Fear has been vastly considered in its evolutionary perspective, from Darwin’s “On the Origin of Species” to the most recent studies of Evolutionary Psychology.

When mentioned, fear appears to be characterised by four main features:

–       It is activated as a response to potentially dangerous stimuli or situations;

–       It is an automatic mechanism;

–       It can’t be managed via cognitive control;

–      It originates in a specific area of the brain: a neural circuit that has the amygdala as one of the greatest contributors.

The amygdala is part of the limbic system, which is responsible for the elaboration of emotions, behaviours, motivations, and memory. As a matter of this fact, impairments in this area have been correlated with overreactions, inability to recognise known objects and to accurately respond to fear-related stimuli until complete loss of fear.

The basic mechanisms of fear is similar in animals and humans, and neural circuits in the brain of mammals have been considered by scientists and authors to identify how our brain detects fear and how each individual responds to a dangerous situation. This is the reason why the concepts of Fear and Preparedness are frequently considered together. Where one concerns experiencing fear trough the model presented above, the other refers to the ability of providing an immediate and relevant response when the situation requires so. Therefore, it’s not enough to experience “fear”; appropriate reactions need to be elicited.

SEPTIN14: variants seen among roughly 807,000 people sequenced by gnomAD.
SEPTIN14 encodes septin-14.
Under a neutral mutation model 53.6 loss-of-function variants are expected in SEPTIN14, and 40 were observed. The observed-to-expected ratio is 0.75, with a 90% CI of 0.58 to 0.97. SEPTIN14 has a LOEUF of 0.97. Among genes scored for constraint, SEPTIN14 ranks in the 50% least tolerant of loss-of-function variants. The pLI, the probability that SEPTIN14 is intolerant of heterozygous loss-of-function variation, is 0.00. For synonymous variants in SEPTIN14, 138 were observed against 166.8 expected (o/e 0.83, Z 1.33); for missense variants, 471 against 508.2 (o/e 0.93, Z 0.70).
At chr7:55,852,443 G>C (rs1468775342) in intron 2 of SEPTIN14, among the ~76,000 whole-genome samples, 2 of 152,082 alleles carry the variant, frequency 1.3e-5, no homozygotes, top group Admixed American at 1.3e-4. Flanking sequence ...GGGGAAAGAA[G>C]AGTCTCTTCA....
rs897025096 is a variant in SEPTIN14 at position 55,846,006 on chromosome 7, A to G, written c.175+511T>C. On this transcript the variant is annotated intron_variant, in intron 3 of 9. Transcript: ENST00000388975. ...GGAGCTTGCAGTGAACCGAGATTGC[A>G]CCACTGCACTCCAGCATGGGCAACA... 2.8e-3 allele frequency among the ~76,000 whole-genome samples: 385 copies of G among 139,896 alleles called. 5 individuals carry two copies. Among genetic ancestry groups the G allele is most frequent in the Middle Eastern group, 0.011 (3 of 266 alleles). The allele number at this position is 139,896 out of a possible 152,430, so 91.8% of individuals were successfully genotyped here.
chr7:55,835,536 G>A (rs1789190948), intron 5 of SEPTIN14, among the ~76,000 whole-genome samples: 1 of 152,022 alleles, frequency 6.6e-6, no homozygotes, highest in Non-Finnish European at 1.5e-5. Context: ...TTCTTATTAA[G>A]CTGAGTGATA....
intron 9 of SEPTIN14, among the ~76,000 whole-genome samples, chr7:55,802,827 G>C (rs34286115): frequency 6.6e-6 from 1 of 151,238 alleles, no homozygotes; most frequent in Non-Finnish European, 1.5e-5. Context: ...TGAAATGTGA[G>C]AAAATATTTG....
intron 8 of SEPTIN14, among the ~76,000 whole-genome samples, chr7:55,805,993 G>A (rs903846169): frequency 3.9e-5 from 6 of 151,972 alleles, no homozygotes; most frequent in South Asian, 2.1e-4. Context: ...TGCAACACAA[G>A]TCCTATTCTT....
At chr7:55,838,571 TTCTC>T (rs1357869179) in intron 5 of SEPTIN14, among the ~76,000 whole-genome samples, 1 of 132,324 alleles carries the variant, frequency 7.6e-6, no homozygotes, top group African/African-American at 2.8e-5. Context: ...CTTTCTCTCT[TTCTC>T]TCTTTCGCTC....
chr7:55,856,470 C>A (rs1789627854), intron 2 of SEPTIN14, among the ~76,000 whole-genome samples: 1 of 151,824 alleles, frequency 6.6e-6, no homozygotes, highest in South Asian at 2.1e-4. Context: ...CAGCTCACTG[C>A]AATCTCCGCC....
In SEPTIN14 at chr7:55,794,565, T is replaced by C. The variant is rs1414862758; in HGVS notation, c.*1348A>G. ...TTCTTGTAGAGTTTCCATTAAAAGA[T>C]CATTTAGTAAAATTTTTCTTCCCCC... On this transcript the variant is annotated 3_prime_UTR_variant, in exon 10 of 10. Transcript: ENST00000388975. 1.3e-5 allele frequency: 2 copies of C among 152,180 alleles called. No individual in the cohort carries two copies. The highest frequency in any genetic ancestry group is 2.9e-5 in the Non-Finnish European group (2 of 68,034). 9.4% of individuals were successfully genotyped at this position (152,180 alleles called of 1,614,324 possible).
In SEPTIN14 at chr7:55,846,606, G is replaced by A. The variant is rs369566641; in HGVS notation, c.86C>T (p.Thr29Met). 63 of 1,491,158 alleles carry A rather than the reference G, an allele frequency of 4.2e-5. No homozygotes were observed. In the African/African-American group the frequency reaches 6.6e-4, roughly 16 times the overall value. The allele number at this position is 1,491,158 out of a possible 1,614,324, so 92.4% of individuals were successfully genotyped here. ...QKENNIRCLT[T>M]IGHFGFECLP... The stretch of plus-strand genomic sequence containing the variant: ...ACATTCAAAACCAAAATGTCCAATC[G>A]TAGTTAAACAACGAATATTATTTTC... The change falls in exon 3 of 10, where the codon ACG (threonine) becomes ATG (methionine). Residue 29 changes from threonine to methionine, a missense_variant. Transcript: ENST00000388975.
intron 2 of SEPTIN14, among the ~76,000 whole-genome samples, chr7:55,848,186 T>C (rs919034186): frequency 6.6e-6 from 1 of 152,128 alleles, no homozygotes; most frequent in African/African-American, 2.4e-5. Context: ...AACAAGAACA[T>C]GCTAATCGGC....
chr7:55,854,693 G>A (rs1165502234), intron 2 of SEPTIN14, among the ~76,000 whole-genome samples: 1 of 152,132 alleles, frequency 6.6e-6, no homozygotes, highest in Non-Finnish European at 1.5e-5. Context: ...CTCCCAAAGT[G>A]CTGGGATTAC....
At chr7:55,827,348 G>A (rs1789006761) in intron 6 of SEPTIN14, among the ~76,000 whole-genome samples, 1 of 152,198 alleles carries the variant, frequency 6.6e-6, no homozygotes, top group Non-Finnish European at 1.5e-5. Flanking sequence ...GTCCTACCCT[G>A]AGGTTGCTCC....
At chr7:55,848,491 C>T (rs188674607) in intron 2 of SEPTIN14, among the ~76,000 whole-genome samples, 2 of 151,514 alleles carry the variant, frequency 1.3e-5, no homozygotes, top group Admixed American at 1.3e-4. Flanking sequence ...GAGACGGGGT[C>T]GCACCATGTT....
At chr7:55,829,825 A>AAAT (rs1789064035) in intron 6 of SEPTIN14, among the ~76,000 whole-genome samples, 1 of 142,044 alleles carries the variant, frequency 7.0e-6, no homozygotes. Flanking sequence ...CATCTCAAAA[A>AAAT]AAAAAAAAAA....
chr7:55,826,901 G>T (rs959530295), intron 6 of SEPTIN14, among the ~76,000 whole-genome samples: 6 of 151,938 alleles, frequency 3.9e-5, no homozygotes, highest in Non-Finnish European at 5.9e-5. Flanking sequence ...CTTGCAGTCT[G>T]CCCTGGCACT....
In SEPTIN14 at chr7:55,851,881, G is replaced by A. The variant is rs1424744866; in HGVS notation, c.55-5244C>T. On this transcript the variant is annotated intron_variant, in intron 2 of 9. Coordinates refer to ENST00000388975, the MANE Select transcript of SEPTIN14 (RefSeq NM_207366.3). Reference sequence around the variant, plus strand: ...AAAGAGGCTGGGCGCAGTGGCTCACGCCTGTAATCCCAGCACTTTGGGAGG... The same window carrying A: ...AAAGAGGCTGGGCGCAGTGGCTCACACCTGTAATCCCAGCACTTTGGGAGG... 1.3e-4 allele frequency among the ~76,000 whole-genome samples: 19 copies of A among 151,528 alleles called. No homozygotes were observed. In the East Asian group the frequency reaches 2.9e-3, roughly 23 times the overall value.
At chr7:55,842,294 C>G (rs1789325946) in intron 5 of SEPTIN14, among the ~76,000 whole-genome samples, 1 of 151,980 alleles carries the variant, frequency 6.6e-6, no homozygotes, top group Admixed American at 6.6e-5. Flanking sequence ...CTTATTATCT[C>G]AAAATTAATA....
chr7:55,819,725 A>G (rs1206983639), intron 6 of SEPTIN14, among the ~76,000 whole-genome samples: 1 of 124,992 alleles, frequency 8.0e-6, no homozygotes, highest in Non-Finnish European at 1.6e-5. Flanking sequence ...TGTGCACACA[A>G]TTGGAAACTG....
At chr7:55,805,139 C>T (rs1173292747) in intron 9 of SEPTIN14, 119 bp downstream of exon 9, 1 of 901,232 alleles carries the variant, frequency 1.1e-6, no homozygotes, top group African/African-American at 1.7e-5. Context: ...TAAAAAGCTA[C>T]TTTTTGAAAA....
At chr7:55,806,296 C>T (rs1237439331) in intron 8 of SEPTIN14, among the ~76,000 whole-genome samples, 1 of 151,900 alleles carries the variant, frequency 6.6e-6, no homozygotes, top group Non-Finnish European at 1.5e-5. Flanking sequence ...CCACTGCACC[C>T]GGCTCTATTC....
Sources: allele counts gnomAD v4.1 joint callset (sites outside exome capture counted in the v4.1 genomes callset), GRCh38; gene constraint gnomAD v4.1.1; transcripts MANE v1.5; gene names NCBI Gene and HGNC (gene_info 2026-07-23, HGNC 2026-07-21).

The role of memory in this complex system is crucial. Once a situation or an object has been registered in the brain as dangerous, the individual will tend to automatically respond in a similar manner to “stimuli that are perceptually close to an event that predicts adversity, a phenomenon known as fear generalisation”. This process potentially helps the individual to respond faster and more efficiently, making each organism more easily adaptable. Fight or flight. It doesn’t matter which side you pick, but you’d better pick it fast

In the past, this automatic mechanism was capable of determining survival in potentially deadly situations and its evolutionary value is deeply-rooted in the most ancestry and buried parts of our brain. This is the reason why we all experience it.

Flight – London, summer 2017 – Photo by Andy Day, All Rights Reserved.

When it comes to experiencing fear in a movement context, gradual exposure is required to allow the person to work on the preparedness level. As we have seen, fear cannot be controlled, but preventive measures can be taken to provide the mind a concrete sense of manageability of the circumstance.

For those who practice parkour, this is even more understandable. Jumps that seems too scary to be tried can become manageable as the preparedness increases. It is not that the fear all of the sudden disappears. However, understanding that those emotions can be controlled can help attenuating the discomfort and create a pattern of effective management through memory.

There are different ways to channel fear and optimize this process. The individual level of expertise surely influences the ability to react to distress and fear, producing accurate responses. And with the level of expertise, I do not mean how far you can jump. It is more about: how much time did you spend pushing yourself outside your comfort zone? Have you ever worked on practical ways to handle stressful or potentially dangerous situations or you kept avoiding them?

Thanks to Arianna (BSc in Educational and Developmental Psychology) for the help in cracking this riddle and for being an inspiration and a model on many layers. Oh, and for being my life partner, of course.